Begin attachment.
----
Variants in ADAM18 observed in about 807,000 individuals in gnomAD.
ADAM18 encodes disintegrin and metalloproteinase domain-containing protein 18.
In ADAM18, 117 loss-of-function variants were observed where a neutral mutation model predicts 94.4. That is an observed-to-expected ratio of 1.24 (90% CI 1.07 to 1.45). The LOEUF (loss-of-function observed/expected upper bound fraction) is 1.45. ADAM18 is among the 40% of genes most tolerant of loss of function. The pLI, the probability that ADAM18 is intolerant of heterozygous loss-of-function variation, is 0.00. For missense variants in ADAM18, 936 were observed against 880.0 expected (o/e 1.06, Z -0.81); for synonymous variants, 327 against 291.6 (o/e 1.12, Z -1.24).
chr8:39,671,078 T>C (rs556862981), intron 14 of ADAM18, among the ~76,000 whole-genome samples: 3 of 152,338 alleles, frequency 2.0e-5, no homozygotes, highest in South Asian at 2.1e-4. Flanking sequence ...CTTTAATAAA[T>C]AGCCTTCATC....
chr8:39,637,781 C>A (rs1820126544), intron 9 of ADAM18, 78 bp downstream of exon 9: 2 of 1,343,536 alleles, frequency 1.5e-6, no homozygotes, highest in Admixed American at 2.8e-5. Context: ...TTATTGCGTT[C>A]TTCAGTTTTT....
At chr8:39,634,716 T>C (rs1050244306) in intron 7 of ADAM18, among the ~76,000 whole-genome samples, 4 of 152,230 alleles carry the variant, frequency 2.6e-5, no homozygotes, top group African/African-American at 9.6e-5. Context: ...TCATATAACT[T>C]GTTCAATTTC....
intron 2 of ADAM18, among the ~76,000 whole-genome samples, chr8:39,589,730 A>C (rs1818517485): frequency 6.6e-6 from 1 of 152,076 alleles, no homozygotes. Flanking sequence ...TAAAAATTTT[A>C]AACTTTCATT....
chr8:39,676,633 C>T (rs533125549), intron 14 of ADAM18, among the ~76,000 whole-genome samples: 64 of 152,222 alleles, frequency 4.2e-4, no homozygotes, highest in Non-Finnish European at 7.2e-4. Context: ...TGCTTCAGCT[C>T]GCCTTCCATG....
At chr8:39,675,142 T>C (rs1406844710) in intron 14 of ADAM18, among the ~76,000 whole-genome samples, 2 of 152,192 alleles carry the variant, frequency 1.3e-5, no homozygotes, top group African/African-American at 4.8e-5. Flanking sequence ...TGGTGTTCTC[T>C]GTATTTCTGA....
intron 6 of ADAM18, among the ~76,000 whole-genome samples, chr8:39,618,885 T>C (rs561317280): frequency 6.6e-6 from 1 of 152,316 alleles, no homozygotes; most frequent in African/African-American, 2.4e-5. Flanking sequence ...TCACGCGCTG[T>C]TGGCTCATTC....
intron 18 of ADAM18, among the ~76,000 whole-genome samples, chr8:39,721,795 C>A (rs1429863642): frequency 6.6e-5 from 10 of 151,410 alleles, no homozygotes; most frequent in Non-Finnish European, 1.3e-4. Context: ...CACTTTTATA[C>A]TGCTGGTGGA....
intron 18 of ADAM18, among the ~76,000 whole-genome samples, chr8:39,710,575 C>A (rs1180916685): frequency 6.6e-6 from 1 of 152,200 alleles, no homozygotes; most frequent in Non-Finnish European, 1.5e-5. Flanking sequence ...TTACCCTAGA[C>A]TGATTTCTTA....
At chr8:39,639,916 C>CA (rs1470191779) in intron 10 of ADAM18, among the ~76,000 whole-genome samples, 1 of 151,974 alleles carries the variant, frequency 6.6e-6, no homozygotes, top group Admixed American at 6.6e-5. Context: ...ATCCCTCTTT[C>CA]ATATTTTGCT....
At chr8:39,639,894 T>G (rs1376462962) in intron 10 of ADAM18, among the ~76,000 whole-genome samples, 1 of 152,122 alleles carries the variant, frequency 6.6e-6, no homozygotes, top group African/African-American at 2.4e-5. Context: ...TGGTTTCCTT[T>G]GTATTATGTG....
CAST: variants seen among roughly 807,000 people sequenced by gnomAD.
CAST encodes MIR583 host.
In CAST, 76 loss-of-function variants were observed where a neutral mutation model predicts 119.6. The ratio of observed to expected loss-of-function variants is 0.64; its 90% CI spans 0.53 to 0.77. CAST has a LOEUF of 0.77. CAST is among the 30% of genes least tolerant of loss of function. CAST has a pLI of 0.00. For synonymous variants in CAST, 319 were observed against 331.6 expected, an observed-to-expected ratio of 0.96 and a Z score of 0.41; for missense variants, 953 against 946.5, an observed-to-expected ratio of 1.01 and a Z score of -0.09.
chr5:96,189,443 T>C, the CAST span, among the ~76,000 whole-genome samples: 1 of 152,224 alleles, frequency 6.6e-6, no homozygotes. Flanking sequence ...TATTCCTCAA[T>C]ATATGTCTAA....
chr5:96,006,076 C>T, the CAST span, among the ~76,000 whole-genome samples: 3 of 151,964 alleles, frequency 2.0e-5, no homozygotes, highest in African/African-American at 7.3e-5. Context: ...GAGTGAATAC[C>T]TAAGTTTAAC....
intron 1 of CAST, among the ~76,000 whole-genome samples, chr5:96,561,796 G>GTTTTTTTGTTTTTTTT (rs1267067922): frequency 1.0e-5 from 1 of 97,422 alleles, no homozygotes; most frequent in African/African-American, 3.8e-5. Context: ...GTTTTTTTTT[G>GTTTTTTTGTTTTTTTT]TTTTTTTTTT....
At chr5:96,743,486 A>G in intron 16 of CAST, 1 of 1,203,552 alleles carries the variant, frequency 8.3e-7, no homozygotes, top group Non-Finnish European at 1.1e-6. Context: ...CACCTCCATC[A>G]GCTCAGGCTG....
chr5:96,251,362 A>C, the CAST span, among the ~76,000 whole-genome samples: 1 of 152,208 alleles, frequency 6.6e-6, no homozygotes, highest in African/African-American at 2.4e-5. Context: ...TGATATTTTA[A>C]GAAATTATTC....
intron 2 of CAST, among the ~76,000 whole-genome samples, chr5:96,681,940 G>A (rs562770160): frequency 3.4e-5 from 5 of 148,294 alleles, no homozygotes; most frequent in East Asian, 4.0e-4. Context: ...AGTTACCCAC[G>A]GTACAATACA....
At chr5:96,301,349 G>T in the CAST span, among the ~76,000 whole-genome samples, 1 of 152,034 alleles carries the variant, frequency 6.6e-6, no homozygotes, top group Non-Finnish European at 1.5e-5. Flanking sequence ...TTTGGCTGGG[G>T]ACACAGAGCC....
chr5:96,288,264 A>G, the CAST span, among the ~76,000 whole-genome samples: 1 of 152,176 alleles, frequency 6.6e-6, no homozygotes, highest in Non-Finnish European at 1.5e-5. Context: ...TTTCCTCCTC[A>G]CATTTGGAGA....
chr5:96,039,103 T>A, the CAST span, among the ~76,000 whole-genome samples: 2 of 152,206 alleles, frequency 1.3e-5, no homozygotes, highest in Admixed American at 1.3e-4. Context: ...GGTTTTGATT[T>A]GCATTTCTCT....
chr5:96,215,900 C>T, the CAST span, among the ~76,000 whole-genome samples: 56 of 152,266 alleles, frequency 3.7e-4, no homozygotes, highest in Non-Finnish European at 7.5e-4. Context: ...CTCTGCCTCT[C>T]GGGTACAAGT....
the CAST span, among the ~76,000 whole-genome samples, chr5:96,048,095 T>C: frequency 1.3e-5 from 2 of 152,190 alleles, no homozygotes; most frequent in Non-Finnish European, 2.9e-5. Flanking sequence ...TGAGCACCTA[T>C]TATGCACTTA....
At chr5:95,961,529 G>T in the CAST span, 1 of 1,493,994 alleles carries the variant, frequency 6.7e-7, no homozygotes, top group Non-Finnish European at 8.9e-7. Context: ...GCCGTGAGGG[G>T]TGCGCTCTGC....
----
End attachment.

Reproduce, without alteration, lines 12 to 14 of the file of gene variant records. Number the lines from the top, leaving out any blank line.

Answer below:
intron 18 of ADAM18, among the ~76,000 whole-genome samples, chr8:39,710,575 C>A (rs1180916685): frequency 6.6e-6 from 1 of 152,200 alleles, no homozygotes; most frequent in Non-Finnish European, 1.5e-5. Flanking sequence ...TTACCCTAGA[C>A]TGATTTCTTA....
At chr8:39,639,916 C>CA (rs1470191779) in intron 10 of ADAM18, among the ~76,000 whole-genome samples, 1 of 151,974 alleles carries the variant, frequency 6.6e-6, no homozygotes, top group Admixed American at 6.6e-5. Context: ...ATCCCTCTTT[C>CA]ATATTTTGCT....
At chr8:39,639,894 T>G (rs1376462962) in intron 10 of ADAM18, among the ~76,000 whole-genome samples, 1 of 152,122 alleles carries the variant, frequency 6.6e-6, no homozygotes, top group African/African-American at 2.4e-5. Context: ...TGGTTTCCTT[T>G]GTATTATGTG....